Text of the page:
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Tower City Center (formerly known as Cleveland Union Terminal) is a large mixed-use facility located on Public Squaremarker in downtown Clevelandmarker, Ohiomarker. The facility is composed of a number of interconnected office buildings, including the landmark Terminal Towermarker, a shopping mall, two hotels, and the main hubmarker of Cleveland's three rapid transit lines. On March 17, 1976, the tower was added to the National Register of Historic Places as the Union Terminal Group.

Construction and train station

Cleveland Union Terminal concourse in 1987.
The Cleveland Union Terminal was built by the Van Sweringen brothers as a terminal for all trains coming into Cleveland via the various railroad lines in a concept similar to New York Citymarker's Grand Central Terminalmarker. The facility also included a number of retail stores and restaurants. Original designs for the complex show that at first the brothers did not plan on building an office tower within the complex. However, they eventually decided to build the 52-story Terminal Towermarker on the northeast side of the complex facing Public Squaremarker. From its completion until 1964, the Terminal Tower was the tallest building in North America outside of New York City. Cleveland Union Terminal also served as the downtown station for the Van Sweringens' new Shaker Heights Rapid Transit Line.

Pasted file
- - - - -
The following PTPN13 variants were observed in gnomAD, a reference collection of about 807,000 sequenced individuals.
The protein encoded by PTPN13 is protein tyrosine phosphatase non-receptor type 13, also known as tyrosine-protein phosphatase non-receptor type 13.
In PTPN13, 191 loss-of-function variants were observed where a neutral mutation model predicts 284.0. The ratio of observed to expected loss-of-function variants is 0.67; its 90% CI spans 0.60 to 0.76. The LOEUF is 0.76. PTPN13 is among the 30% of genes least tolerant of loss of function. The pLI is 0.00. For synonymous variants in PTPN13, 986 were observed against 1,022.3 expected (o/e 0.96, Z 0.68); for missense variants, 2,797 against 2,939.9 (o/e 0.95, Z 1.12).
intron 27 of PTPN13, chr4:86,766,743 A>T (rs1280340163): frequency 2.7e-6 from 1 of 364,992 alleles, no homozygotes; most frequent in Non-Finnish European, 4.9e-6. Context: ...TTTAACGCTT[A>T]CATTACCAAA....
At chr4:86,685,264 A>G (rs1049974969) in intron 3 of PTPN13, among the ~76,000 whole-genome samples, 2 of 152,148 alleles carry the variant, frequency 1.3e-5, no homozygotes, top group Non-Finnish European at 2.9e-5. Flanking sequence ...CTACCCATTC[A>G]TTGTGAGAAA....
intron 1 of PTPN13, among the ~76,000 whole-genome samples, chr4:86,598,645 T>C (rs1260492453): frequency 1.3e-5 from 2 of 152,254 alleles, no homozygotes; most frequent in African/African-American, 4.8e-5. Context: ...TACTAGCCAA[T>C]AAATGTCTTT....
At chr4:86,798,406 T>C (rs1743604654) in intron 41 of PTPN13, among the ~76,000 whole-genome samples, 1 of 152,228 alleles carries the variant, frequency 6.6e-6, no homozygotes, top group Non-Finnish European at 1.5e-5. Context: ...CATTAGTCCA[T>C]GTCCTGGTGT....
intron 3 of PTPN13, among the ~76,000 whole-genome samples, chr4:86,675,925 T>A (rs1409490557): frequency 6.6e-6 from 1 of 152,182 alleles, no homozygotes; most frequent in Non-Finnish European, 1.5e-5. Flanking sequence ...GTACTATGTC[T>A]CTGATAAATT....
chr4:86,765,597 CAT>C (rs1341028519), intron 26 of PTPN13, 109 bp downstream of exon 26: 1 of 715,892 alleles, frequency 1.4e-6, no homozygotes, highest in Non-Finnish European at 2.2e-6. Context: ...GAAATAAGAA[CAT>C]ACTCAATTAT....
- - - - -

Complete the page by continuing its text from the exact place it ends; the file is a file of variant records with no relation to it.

The complex was designed by the firm of Graham, Anderson, Probst, and White. Site preparation began in 1922, and approximately 2,200 buildings were demolished. Construction began in 1926, and structural work was completed by 1927. At the time, it was the second-largest excavation project in the world after the Panama Canalmarker. The Terminal Tower opened to its first tenants in 1928. Three other office buildings, the Medical Arts Building, Builders Exchange Building, and Midland Building, were built in addition to the Terminal Tower. The three Art Deco buildings are collectively known as the Landmark Office Towers and were completed in 1929. In addition to the new buildings, the 1918 Hotel Cleveland (now the Renaissance Cleveland Hotel) was connected to the complex. Cleveland Union Terminal was dedicated and officially opened in 1930.

In 1931, the Higbee Company moved its main store to a new building connected to Cleveland Union Terminal. In 1934, the U.S. Postal Service moved its main Cleveland office to Union Terminal in a new connected building designed by the firm of Walker and Weeks. It is today known as M.K. Ferguson Plaza.

The Union Terminal served all rail lines – except for the Pennsylvania Railroad and initially the Erie Railroad – from completion until 1973. It was never particularly popular with the railroads, however. It required deviating from the quicker route along Lake Eriemarker. As the city would not allow trains to operate under steam power near the downtown area, trains were forced to switch from steam to electric power at a suburban rail yard when heading inbound and then reverse on the way out at another yard. As a result, some lines began to bypass the station entirely, heading along the lake route, and some trains stopped serving the city altogether. In addition, national passenger rail travel had already passed its peak and was starting its gradual decline in favor of the automobile and, later, the airplane. The Erie RR, owned by the Van Sweringens, could not afford the electric transfer and continued to use its own nearby station until 1948, when it replaced steam with diesel locomotives and was able to serve the Union Terminal under its own power.